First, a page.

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Money-Laundering is a Global Problem


More recently, one of Vladimir Putin’s top officials set up a company on the UK’s Companies House website, where Grainholding Ltd, owned by Volodymyr  Saldo, is headquartered in Ukraine. This is a problem because Saldo is under sanctions  by the UK government, who have directed economic pressure towards Russia in solidarity  for Ukraine. This is but one example, in a plethora of money-moving activity, funnelling  into the wider problem of money laundering.Written by Kieran McMullan

This issue can be felt closer to home, when considering the affordable housing crisis the  UK is faced with. Renting costs are at a record high and tens of thousands of houses in  the capital are uninhabited, while many struggle to find affordable housing, if any at all.  But just how deep does the unchecked and unregulated trail of money laundering go? 

Transparency International found that UK companies were complicit in 52 of the biggest  money laundering schemes, with a total of £80 billion in illicit wealth, cumulatively stolen  to launder and facilitate corruption. Facing next to this corruption, is Companies House,  the UK corporate registry, which does not require proof of identity when individuals form  limited companies through their services. 

A look at this select committee publication from 2015, defines money laundering as “the  process of concealing the origin, ownership or destination of illegally or dishonestly obtained money by hiding it within legitimate economic activities in order to make it  appear legal.” The destabilising and complex nature of money laundering abuses our  society; and all those who participate in the global money-moving industry are effectively  scoffing at our laws and freeriding on democracy.  

In its foolproof form, democracy is a contract that affords everyone rights, freedoms and  obligations. But money launderers, crooks and thieves enjoy a country’s rights and  freedoms, without the obligations. Through means of obfuscation, oligarchs and  kleptocrats view the UK as a hospitable place to hide their stolen money, thus reinforcing  their reputations. Which in turn influences those in power: our politicians and facilitators. 

The journalist and author, Oliver Bullough, whose books, ‘Butler to the World’ and  ‘Moneyland’ examine money laundering’s inception, and through meticulous detail, call  into action our own civic duty. After speaking with the author, he detailed the different  methods crooks use to take advantage of financial regulation. He said that “shell  companies were any legal tool used to disguise ownership,” whether through trusts or  hybrid structures, these methods were used to “encourage investment or pass property,  which were abused by crooks”.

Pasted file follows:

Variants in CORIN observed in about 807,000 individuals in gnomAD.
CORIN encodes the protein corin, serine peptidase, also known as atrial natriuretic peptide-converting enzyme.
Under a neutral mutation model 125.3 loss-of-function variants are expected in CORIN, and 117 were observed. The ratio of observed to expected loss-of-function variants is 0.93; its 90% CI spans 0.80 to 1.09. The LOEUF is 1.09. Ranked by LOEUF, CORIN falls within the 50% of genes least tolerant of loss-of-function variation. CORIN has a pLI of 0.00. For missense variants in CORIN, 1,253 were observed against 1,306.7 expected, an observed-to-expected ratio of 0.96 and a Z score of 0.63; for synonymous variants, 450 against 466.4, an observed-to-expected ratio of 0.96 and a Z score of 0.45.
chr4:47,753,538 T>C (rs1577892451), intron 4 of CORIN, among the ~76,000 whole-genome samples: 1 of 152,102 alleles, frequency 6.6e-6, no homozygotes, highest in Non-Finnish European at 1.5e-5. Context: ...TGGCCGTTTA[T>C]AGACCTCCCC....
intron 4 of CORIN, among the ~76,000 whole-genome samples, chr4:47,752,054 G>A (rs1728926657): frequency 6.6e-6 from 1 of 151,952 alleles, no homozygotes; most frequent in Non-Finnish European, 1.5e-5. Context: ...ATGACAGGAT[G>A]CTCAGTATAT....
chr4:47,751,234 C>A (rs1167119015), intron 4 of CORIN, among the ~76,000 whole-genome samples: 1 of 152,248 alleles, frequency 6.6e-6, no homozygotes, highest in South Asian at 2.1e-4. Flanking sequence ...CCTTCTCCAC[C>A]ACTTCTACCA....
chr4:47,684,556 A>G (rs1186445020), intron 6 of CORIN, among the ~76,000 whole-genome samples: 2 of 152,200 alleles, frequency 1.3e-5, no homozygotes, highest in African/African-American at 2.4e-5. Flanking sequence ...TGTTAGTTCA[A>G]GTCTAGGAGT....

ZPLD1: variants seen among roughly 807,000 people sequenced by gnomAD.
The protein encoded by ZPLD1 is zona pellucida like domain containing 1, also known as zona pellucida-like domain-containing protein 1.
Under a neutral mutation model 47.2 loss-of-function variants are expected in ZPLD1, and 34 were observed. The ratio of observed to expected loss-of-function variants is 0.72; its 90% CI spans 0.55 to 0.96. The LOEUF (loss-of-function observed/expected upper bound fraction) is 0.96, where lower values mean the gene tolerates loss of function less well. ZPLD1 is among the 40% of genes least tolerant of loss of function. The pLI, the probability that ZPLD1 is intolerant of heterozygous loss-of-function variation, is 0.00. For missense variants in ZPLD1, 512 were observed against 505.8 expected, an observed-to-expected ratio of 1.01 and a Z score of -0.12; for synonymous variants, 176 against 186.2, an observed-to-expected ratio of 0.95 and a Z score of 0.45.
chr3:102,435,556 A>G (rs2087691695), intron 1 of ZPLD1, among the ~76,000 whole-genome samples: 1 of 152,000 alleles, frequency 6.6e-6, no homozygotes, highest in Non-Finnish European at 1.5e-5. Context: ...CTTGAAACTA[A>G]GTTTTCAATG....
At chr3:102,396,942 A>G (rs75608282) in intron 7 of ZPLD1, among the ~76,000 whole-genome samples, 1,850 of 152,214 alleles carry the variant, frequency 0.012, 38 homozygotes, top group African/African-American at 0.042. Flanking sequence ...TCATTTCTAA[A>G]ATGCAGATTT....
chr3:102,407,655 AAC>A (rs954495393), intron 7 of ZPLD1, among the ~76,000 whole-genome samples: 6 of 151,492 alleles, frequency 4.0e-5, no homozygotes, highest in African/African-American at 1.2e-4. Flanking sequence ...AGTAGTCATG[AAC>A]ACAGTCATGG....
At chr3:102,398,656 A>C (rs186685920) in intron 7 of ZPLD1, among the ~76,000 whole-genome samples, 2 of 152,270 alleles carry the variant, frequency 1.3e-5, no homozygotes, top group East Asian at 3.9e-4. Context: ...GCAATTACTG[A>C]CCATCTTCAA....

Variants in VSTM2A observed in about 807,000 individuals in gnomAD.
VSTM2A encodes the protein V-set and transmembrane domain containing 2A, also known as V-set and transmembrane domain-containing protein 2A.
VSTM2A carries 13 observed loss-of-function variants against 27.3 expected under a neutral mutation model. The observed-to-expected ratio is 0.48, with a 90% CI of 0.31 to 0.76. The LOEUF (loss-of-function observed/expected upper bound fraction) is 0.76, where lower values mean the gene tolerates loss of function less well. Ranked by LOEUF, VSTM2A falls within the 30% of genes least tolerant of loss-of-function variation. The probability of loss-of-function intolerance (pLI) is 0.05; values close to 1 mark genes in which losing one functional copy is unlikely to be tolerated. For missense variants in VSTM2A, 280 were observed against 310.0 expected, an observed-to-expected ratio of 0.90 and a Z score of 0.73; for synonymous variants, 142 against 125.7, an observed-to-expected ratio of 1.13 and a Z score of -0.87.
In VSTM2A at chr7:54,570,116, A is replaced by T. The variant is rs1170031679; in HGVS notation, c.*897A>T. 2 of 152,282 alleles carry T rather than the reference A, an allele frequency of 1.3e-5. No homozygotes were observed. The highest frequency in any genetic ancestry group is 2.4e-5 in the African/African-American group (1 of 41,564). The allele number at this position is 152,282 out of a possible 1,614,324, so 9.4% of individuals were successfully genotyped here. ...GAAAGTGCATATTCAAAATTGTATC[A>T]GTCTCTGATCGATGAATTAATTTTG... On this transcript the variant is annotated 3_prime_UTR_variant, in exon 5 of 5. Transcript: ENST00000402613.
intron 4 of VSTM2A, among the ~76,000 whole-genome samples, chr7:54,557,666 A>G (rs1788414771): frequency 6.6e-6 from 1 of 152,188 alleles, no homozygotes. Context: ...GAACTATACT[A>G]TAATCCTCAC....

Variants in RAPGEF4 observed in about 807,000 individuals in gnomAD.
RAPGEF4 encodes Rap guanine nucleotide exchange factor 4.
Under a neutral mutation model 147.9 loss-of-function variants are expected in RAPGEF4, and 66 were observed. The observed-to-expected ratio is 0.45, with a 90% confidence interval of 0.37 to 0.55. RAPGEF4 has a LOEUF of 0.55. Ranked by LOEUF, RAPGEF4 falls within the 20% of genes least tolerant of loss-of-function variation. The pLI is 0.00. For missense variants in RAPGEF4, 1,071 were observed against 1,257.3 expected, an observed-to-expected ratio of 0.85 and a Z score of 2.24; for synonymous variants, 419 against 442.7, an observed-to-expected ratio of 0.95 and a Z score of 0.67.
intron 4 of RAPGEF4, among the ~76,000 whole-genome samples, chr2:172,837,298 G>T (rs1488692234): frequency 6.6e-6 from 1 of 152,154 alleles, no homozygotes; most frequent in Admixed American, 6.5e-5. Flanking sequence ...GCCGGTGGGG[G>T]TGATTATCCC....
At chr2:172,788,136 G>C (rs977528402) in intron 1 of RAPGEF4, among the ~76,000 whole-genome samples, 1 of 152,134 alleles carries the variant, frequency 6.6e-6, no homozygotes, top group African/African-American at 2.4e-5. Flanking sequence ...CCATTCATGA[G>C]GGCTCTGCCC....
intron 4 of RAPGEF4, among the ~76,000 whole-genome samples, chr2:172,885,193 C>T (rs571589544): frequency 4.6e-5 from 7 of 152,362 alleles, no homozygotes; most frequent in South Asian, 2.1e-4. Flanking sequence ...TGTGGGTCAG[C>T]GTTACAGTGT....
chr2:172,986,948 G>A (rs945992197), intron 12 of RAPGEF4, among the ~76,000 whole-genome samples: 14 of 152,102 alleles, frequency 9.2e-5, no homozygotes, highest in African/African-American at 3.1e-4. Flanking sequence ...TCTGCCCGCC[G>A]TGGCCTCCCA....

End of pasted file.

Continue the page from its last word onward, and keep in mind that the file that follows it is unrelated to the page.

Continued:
In Bullough’s words, he told me how “incredibly easy” it was for crooks to launder money,  where the tools used by crooks and kleptocrats, were the same available to the rich and  wealthy. He went on to say that the implications to national security were grave and  pernicious, causing a complex whirlwind of financial crime — concealed and untraceable. 

As countless online reports and investigations would disagree, Bullough considers, “no  one knows how much money is laundered worldwide, it’s an invented figure.” He noted  that some estimate the figure to be around 2–5% of GDP, before rhetorically asking,  “what are we counting?” 

“The fluid nature of the threat,” Bullough said, “is part of the problem.” A problem which  is political, financial, and entrepreneurial. The author talks of its threat to democracy, too,  which he said “keeps criminals and kleptocrats going” and “undermines taxes”. He holds  to account politicians, who do not treat the threat seriously and view money laundering as  their “fourth priority”.  

Perhaps the reason so many are in the dark with money laundering, is due to its  foundation in complex accountancy, along with our government’s complacency to tackle  the issue. Bullough reminds me that “very little work has been done” and emphasised the  complicated-nature of the problem. Another element is the fact sanctions brought against  oligarchs in the European court are not final and are open to challenge, as seen in the  case of Volodymyr Saldo.  

Criminal money was brought over to the UK over 40 years ago, and its effect is still  punctuating global politics and the economies of today. This is a national and global  problem that will require a national conscience, through civic participation and education,  and through government action, but this time, as a top priority, instead of the fourth.

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